The Power of Art

By Johna Till Johnson

Washington Square Park 1

It is so beautiful I must show you how it looks,” wrote Vincent Van Gogh in a letter to his brother. In the margin of the letter, he scribbled a quick sketch of what was so beautiful: a streetlamp at twilight.

I’ve never considered myself much of an artist. In fact, I’ve gone so far as to say I don’t understand the artistic impulse: I don’t know where it comes from, or how artists know what to create, even though I respect and admire the life-changing power of art.

But one of my favorite explanations is from a book written in 1938: “Art is a feeling of love and enthusiasm for something… in a direct, simple, passionate, and true way you try to show this beauty in things to others.”

That’s exactly what I felt walking home through Washington Square Park a few nights ago. As twilight fell, and the streetlights cast their rosy glow over the snow, the quote above popped into my head. It was so beautiful I had to share it. With Vlad’s editing assistance, I was able to capture and convey some of the magic.

Washington Square Park 2

That unexpected surge of artistic sentiment made me remember how much I loved the book, and its author. The book is If You Want to Write, by Brenda Ueland.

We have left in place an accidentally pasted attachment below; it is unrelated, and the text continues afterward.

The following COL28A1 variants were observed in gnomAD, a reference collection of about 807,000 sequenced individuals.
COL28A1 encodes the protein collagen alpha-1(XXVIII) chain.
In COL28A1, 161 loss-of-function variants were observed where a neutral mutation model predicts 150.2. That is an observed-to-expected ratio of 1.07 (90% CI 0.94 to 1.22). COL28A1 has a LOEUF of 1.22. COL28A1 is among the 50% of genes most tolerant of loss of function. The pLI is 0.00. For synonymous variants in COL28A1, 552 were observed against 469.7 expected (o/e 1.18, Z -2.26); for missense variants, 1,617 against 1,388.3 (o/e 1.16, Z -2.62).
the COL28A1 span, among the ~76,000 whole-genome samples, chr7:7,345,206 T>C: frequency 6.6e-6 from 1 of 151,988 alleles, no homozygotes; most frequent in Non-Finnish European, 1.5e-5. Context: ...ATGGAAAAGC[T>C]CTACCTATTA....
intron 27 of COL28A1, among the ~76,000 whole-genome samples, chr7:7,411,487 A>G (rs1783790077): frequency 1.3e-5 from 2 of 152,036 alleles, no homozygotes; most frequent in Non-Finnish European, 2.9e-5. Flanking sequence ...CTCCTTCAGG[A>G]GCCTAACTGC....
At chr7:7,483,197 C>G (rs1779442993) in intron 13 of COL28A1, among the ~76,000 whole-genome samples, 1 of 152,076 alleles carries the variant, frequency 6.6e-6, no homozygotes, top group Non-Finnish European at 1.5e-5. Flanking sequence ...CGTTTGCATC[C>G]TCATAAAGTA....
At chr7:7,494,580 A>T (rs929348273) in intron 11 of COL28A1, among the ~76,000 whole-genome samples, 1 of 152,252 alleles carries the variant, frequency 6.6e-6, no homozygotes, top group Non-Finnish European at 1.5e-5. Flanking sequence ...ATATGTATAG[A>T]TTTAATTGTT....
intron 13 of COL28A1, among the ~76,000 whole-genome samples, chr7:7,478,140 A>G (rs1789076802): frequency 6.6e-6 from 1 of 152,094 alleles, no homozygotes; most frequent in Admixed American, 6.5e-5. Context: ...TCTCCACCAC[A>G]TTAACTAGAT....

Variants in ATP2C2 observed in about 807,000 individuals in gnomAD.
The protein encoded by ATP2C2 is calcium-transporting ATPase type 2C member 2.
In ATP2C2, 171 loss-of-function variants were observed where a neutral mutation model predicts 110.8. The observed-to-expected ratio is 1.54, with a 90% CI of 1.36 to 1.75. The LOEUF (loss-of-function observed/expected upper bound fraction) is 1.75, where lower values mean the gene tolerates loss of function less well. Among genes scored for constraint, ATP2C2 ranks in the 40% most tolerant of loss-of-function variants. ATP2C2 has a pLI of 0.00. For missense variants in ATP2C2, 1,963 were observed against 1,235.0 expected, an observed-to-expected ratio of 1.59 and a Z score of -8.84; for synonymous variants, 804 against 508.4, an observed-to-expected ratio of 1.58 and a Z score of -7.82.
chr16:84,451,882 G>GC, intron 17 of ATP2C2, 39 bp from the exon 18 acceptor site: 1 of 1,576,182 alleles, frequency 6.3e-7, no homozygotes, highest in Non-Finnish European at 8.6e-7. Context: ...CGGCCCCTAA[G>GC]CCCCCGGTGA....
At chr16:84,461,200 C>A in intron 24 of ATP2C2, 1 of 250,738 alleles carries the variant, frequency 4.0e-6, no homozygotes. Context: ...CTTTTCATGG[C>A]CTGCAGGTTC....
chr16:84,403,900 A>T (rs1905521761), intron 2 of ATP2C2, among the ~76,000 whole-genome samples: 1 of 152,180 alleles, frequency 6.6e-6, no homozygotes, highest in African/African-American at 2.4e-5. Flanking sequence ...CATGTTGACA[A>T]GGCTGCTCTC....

When I first read it, many years ago, I found it inspirational, but a bit cloying. I have to admit that my perception was colored by “time bias”—that sneaking suspicion that everything in the past was quainter and less sophisticated than today. I mean, 1938? They didn’t even have iPhones! What could someone from that distant era have to say that’s meaningful about art in the 21st century?

Washington Square Park 3

And I’ll also admit that I found the persona of the author a bit, well, twee: A little-old-lady writing teacher out in Minnesota. (Never mind that in 1938 she was a vibrant and passionate woman of 47—the photo on the book jacket was a spry, but wizened lady in 1983, so that’s how I imagined her.)

Really, weren’t all women in 1938 conventional, domestic, and limited? Not the sort of person who truly understood the bold, transformative, and terrifying power of art.